The Beaufort/Leslie Fire Protection District has been busy this week, fighting four fires in as many days.
Two fires earlier this week likely were caused by a combination of dry leaves and hot equipment.
Fire Chief Terry Feth said the owner of a farm at 8591 Highway 185 in Leslie had used a lawn mower prior to the fire that caused a total loss of the barn Tuesday evening, Nov. 21.
“He had put it away and there was a buildup of leaves on the mower deck,” Feth explained. “The fire was in the area of the lawn mower and spread rapidly.”
The Beaufort/Leslie fire department was called to the farm just after 5 p.m.
Union and Sullivan both provided assistance at the two-alarm blaze. Crews were on the scene for about five hours, fighting the fire and making sure there were no hot spots that could reignite.
Feth said there was a silo near the barn, full of harvested beans.
“As far as we can tell, those were spared,” he said.
Crews were called to Liberty School Road Monday for a fire under similar circumstances. Feth said a trailer and small shed caught fire.
“It was unintentional, due to leaves in hot machinery,” he said.
The fire chief reminded people to clear dry debris from machinery and to let equipment cool before putting it away or storing it. The area around the machinery also should be clear of dry leaves or combustible items.
The final two fires this week were Thanksgiving Day, and located at the same address, Feth said.
Crews were called to 3854 Highway C just before 3 p.m. Thursday.
Chief Feth said a large garage caught fire when the homeowner was burning leaves in a pile behind the building and he lost control of the fire.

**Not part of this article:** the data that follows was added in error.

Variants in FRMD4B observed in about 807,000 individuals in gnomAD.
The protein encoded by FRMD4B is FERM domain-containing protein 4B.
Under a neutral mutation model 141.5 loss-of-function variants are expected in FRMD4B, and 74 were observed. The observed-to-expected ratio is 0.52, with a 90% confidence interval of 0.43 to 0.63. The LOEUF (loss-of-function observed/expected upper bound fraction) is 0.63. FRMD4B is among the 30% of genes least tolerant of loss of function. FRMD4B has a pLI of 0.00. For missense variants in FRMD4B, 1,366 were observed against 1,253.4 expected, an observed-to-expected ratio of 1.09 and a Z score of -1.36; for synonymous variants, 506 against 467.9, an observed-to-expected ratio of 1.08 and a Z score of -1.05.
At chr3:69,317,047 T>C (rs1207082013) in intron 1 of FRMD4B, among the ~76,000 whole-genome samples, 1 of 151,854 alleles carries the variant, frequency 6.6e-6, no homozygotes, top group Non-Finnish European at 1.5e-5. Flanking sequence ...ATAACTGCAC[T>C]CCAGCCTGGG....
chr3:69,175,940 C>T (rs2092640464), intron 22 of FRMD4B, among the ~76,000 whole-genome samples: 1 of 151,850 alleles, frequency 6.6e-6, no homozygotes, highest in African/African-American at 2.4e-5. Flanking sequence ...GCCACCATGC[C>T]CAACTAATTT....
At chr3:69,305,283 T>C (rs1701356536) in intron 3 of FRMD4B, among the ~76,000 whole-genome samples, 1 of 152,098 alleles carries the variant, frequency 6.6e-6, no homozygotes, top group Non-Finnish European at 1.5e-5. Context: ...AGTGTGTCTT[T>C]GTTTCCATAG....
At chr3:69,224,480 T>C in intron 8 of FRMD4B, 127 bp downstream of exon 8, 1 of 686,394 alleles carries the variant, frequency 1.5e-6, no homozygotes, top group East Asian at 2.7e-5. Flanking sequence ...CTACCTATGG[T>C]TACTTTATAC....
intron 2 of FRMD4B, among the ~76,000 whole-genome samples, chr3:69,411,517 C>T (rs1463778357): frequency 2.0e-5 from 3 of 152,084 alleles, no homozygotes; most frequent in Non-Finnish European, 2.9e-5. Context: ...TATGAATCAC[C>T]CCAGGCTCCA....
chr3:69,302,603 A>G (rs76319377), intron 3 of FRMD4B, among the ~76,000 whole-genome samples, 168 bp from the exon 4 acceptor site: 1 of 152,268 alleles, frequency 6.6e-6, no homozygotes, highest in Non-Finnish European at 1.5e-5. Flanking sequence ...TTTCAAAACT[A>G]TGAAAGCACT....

“Instead of calling 911 right away, he tried to fight it,” Feth said. “Everything was completely destroyed before he realized what was going on.”
Then, about eight to 10 acres behind the building caught fire. The first alarm was for the building and the second alarm was to get more manpower for the brush fire.
“We had to call in quite a few additional resources,” Feth said.
Union, Sullivan, Gerald/Rosebud, New Haven and Washington all assisted. Crews were on the scene for approximately 3 1/2 hours.
The homeowner had been using the garage to restore vehicles. Two cars, as well a large number of tools and mechanical supples were destroyed.
Feth urged people to wait to burn until there has been some rain.
“The vegetation is drying for the winter and it’s getting to an extreme point out there. The little rain we’ve had just makes the ground soft,” he said.
He also said people should use good common sense when burning and only do it near a water source and only burn as much as you can control at a time.
“A little garden hose can’t control a lot,” he said.
Feth thanked mutual aid for their support in helping fight the fires.
The Missouri Department of Public Safety has several recommendations to prevent the spread of fires started by burning brush and debris:
Check for local burn bans or restrictions before conducting any open burning;
Keep fire a minimum of 75 feet from all buildings;
Never use gasoline, kerosene or any other flammable liquid to start the fire;
Do not leave a fire unattended;
Have fire extinguishing materials on hand, including a water supply, shovels and rakes;
Be prepared to extinguish your fire if the winds pick up; and
Do not delay a call for help. Call the fire department immediately at the first sign of the fire getting out of control.